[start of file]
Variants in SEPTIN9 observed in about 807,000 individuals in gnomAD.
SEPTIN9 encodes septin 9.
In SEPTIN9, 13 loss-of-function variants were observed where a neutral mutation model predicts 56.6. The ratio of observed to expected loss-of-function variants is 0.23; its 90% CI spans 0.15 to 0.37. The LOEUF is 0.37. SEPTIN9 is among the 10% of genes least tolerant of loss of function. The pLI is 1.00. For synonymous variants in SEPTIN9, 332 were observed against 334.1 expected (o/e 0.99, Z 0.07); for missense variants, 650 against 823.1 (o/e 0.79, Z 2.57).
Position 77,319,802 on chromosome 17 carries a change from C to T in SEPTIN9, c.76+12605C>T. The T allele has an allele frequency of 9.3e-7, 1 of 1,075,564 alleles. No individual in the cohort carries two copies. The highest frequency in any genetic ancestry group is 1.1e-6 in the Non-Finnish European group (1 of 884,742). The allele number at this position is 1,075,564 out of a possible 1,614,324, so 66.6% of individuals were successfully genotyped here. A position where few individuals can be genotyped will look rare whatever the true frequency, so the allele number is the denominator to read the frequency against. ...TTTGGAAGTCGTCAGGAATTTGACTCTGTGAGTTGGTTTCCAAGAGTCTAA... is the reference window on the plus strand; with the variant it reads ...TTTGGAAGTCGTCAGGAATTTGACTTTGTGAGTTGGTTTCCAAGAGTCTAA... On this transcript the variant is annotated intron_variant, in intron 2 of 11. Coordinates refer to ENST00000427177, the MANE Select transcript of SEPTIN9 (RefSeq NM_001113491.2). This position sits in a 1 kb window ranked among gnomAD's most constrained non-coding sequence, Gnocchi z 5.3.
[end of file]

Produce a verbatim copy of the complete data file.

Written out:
Variants in SEPTIN9 observed in about 807,000 individuals in gnomAD.
SEPTIN9 encodes septin 9.
In SEPTIN9, 13 loss-of-function variants were observed where a neutral mutation model predicts 56.6. The ratio of observed to expected loss-of-function variants is 0.23; its 90% CI spans 0.15 to 0.37. The LOEUF is 0.37. SEPTIN9 is among the 10% of genes least tolerant of loss of function. The pLI is 1.00. For synonymous variants in SEPTIN9, 332 were observed against 334.1 expected (o/e 0.99, Z 0.07); for missense variants, 650 against 823.1 (o/e 0.79, Z 2.57).
Position 77,319,802 on chromosome 17 carries a change from C to T in SEPTIN9, c.76+12605C>T. The T allele has an allele frequency of 9.3e-7, 1 of 1,075,564 alleles. No individual in the cohort carries two copies. The highest frequency in any genetic ancestry group is 1.1e-6 in the Non-Finnish European group (1 of 884,742). The allele number at this position is 1,075,564 out of a possible 1,614,324, so 66.6% of individuals were successfully genotyped here. A position where few individuals can be genotyped will look rare whatever the true frequency, so the allele number is the denominator to read the frequency against. ...TTTGGAAGTCGTCAGGAATTTGACTCTGTGAGTTGGTTTCCAAGAGTCTAA... is the reference window on the plus strand; with the variant it reads ...TTTGGAAGTCGTCAGGAATTTGACTTTGTGAGTTGGTTTCCAAGAGTCTAA... On this transcript the variant is annotated intron_variant, in intron 2 of 11. Coordinates refer to ENST00000427177, the MANE Select transcript of SEPTIN9 (RefSeq NM_001113491.2). This position sits in a 1 kb window ranked among gnomAD's most constrained non-coding sequence, Gnocchi z 5.3.